On Wednesday, JPMorgan chief Jamie Dimon issued another dire warning about the potential long-term impact of the war in Ukraine on the global economy – warning that an escalation of the brutal Russian invasion is a ‘disaster’ potential that could cause an economic downturn.
Dimon indicated that he is more concerned about a possible escalation of the war in Ukraine than growing fears of a recession as the Federal Reserve prepares to raise interest rates to curb inflation.
“Basically, the Cold War is back,” Dimon said in an interview with Bloomberg. “I think the whole world has learned something that we’ve always known – that national security is always the most important thing, but it kind of fades away when we’re all well.”
Dimon claimed there was a “chance” that the Russian-Ukrainian war would last “for years” – an outcome which he said would “completely shake world energy markets, wheat markets, raw materials”.
The bank boss called on the Biden administration and its Western allies to take immediate action to stimulate a “precarious” global energy market – with a focus on ensuring that European nations that have long depended on Russian energy have viable alternatives.
“The Cold War is back,” Dimon repeated. “Allies must merge and not just for military purposes, but for global, economic and strategic investment purposes so that we have a secure world. If we don’t, Ukraine, you could see it all over the world. You could see shapes of chaos.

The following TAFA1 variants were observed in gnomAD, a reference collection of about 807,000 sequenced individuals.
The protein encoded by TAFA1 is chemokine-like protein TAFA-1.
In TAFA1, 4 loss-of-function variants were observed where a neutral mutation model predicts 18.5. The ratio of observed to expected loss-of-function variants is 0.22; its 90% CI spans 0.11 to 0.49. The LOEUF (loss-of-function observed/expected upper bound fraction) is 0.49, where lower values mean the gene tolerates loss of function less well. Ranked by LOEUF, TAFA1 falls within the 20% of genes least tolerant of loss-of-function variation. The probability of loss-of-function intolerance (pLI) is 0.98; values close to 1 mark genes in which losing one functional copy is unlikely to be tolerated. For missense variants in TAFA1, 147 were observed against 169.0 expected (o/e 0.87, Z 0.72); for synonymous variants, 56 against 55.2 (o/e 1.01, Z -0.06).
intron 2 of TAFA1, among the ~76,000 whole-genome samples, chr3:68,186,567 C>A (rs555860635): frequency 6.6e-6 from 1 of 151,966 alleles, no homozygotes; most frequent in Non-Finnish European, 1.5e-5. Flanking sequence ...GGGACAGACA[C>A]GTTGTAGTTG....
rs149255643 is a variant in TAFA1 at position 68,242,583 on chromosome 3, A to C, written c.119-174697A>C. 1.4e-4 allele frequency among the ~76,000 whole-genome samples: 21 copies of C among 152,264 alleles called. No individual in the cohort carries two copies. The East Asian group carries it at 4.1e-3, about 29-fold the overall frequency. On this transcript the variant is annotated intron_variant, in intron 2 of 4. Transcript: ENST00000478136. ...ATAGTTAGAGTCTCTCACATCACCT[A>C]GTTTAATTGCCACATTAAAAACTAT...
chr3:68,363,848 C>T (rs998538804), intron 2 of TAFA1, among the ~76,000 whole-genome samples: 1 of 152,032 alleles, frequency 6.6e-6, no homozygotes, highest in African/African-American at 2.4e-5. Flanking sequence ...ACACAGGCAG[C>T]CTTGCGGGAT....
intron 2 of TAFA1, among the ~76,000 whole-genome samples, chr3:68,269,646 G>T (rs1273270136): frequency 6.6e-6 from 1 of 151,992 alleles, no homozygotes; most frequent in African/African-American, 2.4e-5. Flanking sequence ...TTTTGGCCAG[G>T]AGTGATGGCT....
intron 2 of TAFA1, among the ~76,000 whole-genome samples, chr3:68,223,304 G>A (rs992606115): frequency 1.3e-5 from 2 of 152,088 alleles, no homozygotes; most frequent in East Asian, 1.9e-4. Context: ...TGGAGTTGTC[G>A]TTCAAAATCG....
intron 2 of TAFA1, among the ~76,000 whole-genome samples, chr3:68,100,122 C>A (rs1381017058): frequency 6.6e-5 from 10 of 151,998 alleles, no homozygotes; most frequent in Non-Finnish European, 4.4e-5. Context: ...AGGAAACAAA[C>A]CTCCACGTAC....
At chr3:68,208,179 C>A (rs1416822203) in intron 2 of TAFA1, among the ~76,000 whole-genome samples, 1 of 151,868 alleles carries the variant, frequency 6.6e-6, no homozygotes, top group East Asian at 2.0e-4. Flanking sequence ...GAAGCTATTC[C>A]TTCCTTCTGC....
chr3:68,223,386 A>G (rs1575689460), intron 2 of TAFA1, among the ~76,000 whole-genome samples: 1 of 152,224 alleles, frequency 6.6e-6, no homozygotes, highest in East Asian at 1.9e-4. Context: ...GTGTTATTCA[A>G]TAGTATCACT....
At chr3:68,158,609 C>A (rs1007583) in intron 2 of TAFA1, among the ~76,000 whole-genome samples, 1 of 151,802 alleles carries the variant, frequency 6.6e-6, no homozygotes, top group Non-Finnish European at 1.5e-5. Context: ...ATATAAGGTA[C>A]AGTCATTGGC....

Dimon’s interview with the outlet surfaced hours before the Fed was set to announce the next phase of its efforts to fight inflation. The central bank is expected to hike its benchmark interest rate by half a percentage point and unveil its plan to shrink its balance sheet by nearly $9 trillion.
Dimon said he believes the Fed is “a bit late” in acting on inflation, which hit a four-decade high of 8.5% in March.
“Remember, two years ago we had 15% unemployment and no vaccine. So I think people should take a deep breath, give them a chance and I think the sooner they get moving the better,” Dimon said.
But even as Dimon laid out his view of the chances of a recession – there’s a 33% chance of America having a “soft landing”, 33% chance of a mild recession and 33% chance of a a severe recession – he moderated his tone and added the economy is currently “very strong” and that consumers are “in great shape”.
Dimon’s comments come less than a month after JPMorgan, the largest US bank, reported disappointing earnings 42% lower than the same period in 2021. At the time, Dimon warned in a statement that ‘there would be “significant geopolitical and economic challenges ahead due to inflation, supply chain issues and the war in Ukraine.
US inflation sits at 8.5%, according to the latest reading from the federal government, its highest level since 1981 and a threat to ordinary Americans when it comes to rising prices at the cash register – and to businesses , which see their profit margins threatened.